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Denny Laine - Ahh ... Laine ! (LP)

Denny Laine - Ahh ... Laine ! (LP)

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Genre: pop
Rating: **** (4 stars)
Title:  Ah ... Laine!
Company: Wizard
Catalog: SWZ 2001
Year: 1973
Grade (cover/record): VG+ / VG+
Comments: UK pressing
Available: 2
Catalog ID: 6111
Price: $17.00

Denny Laine is one of rock's stranger stories. As one of the founders of The Moody Blues he provided the lead vocal for their first big hit, 1965's 'Go Now'. He was also the first member to quit in pursuit of a what appeared to be a promising solo career. Ironically, in spite of a series of intriguing singles with The Denny Laine String Band, that solo career never materialized; Laine instead becoming one of rock's more talented second bananas. In that capacity Laine's career has been marked by years as a rock journeyman, including stints with Balls (love the name), Ginger Baker's, Air Force and a degree of mid-1970s recognition working with Paul McCartney and Wings.

Laine's solo career started out with a flourish. Signed by Deram (coincidently The Moody Blues label), under the moniker 'Denny Laine’s Electric String Band'' he released a pair of interesting if little known singles:

- 1967's 'Say You Don't Mind' b/w 'Ask the People' (Deram catalog number DM 122)
- 1968's 'Too Much In Love' b/w 'Catherine's Wheel' (Deram catalog number DM 171)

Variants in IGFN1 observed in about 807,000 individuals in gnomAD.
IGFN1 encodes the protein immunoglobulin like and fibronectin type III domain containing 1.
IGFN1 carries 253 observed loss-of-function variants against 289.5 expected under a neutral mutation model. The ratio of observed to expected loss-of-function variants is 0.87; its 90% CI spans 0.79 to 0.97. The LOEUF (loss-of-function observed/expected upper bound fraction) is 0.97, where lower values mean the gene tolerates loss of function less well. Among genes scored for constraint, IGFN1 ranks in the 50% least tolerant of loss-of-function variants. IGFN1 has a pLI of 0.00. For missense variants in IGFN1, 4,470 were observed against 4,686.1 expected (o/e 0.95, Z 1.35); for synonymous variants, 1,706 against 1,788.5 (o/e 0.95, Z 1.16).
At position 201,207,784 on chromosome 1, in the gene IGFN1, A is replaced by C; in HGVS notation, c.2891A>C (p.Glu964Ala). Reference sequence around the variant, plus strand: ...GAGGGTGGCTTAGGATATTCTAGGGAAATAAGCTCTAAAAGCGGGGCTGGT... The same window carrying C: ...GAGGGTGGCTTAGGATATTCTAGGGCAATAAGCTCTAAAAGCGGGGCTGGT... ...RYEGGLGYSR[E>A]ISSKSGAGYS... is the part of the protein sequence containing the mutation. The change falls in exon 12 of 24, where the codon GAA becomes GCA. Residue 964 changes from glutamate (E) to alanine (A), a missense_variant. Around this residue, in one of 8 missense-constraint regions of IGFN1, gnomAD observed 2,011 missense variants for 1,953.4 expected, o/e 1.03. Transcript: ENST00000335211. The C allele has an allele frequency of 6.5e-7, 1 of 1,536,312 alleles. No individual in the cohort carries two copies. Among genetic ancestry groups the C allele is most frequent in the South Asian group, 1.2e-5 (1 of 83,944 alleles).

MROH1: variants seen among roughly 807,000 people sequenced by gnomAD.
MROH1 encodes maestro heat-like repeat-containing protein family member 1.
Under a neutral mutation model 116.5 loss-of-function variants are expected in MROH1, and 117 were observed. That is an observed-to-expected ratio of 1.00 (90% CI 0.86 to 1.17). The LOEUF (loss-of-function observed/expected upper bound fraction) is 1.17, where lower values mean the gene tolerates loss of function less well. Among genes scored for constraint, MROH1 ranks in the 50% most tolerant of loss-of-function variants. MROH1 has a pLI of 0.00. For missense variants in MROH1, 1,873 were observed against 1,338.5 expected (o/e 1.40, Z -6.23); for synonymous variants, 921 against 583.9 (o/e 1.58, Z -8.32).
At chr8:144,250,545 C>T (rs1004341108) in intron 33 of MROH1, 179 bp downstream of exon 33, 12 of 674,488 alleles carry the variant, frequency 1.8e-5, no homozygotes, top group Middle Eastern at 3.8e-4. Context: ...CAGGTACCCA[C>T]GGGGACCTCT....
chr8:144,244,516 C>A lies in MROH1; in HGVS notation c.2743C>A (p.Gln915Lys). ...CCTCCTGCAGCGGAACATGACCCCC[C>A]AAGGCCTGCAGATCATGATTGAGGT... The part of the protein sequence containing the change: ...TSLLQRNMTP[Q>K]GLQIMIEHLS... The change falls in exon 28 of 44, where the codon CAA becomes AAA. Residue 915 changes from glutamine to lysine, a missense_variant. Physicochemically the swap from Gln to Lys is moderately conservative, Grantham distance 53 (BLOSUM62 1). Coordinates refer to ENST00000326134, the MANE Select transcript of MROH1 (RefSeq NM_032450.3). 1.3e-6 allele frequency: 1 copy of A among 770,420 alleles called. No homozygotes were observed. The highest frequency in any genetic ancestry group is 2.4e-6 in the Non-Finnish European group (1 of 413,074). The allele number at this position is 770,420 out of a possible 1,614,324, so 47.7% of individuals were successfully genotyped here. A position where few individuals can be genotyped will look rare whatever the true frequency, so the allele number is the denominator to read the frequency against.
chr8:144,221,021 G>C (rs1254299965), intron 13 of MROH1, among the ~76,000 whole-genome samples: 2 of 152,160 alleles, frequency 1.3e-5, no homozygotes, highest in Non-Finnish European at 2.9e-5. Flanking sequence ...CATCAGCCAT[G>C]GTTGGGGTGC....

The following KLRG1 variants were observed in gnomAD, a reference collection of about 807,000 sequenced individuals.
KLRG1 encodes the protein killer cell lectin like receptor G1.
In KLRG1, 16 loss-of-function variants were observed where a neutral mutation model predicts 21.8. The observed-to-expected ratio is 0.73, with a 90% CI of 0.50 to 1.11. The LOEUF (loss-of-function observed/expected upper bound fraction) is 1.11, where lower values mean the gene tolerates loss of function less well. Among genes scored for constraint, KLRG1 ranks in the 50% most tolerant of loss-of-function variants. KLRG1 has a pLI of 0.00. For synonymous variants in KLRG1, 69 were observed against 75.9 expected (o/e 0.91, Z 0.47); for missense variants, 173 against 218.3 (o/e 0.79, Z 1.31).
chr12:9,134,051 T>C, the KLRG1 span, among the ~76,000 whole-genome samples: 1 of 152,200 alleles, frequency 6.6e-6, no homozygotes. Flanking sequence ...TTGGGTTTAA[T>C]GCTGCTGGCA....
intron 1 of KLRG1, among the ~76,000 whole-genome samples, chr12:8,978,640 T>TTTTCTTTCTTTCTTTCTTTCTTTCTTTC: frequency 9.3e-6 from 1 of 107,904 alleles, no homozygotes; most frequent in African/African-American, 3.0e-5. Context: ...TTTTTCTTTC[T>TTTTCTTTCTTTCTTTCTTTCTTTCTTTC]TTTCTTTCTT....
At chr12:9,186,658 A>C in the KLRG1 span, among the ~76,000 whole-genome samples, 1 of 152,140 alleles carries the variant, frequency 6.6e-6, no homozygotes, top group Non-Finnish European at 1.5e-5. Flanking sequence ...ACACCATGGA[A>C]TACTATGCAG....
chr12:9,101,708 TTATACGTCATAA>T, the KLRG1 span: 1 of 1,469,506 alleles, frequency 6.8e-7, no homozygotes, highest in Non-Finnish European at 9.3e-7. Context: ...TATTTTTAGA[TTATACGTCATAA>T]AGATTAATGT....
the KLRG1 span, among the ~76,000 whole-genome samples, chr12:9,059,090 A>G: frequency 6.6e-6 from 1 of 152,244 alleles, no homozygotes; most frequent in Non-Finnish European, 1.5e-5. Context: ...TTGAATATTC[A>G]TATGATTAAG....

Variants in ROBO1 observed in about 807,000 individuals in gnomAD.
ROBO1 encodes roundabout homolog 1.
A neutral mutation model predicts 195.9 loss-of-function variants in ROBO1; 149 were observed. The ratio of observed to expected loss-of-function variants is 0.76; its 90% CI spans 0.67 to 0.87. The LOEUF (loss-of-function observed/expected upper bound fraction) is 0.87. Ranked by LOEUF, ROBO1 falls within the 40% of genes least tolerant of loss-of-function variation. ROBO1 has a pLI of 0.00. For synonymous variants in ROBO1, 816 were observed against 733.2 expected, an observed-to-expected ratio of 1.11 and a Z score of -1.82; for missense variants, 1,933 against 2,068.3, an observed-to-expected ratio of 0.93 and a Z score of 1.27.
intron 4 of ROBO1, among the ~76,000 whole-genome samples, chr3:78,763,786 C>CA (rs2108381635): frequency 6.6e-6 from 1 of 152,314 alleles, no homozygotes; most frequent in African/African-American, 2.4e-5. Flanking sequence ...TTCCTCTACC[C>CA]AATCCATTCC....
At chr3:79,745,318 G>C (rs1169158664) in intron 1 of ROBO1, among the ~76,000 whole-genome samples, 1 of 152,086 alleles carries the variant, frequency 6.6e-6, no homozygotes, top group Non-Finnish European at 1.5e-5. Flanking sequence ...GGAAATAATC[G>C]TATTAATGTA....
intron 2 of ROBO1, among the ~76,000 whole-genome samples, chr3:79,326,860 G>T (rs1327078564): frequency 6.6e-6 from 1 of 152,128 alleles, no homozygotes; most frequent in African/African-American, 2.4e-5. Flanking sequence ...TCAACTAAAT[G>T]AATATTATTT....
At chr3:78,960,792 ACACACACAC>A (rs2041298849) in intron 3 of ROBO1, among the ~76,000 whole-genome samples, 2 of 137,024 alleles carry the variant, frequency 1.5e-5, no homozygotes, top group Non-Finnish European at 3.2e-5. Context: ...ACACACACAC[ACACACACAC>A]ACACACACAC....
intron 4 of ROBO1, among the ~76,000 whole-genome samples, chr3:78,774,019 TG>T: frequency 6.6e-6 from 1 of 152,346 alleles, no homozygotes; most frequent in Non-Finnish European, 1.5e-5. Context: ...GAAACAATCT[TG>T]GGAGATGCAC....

Deram shelved a planned third 45 ('Why Did You Come') with a planned album also being cancelled. Laine's next solo project didn't come out until 1973. Seemingly interested in capitalizing on the massive worldwide successes enjoyed by Laine as part of Wings' "Band On the Run" album, the small Wizard label released "Aah ... Laine!". And here's where it gets kind of strange and interesting. Laine apparently had nothing to do with the collection and reportedly didn't even know the album had been released until a couple of years later. Personally I'm not sure I believe that since I distinctly remember seeing quite a few reviews of the collection during that timeframe. Billed as a self-produced album, the collection apparently pulled together an assortment of previously recorded and shelved demos and studio experiments. As you'd expect from such a project, the sound and general quality of the material bounced all over the place. That said, the album served to showcase Laine's pleasant, if fragile and unexceptional voice on a decent set of pop-rock material. Judging by original numbers like 'Baby Caroline', 'Talk To the Head' and Havin' Heaven', Laine was actually a pretty good writer with a nice feel for crafting commercial songs with interesting hooks (much like his Wings boss McCartney). Unfortunately, even at his best Laine's voice couldn't compete with McCartney. The other big surprise was that while Laine served as Wings' lead guitarist, with the exceptions of 'Baby Caroline', 'Talk To the Head', and 'The Blues', little of those axe skills were on display here.

- I've always been a sucker for songs that start off with weird arrangements and that was definitely the case with 'Big Ben'. Opening up with an odd array of acoustic guitar, hand claps, backward tapes, and synthesizer burps and beeps, this one sounded like some sort of oddball outtake from "McCartney II". One of the least commercial endeavors on the LP and one of the most entertaining. rating: *** stars
- While Laine's lead vocal was a bit on the flat side, 'Destiny Unknown' was a compact rocker that would have made Wings proud. I know this sounds kind of mean spirited, but with a McCartney lead vocal on it, this would have been a massive radio hit.
- The ballad 'Baby Caroline' was easily one of the album's prettiest and most impressive performances. Yes, I'll admit it, Laine's limited voice even sounded nice on this one. Another should've-been-a-hit and my favorite track on the LP ... rating: **** stars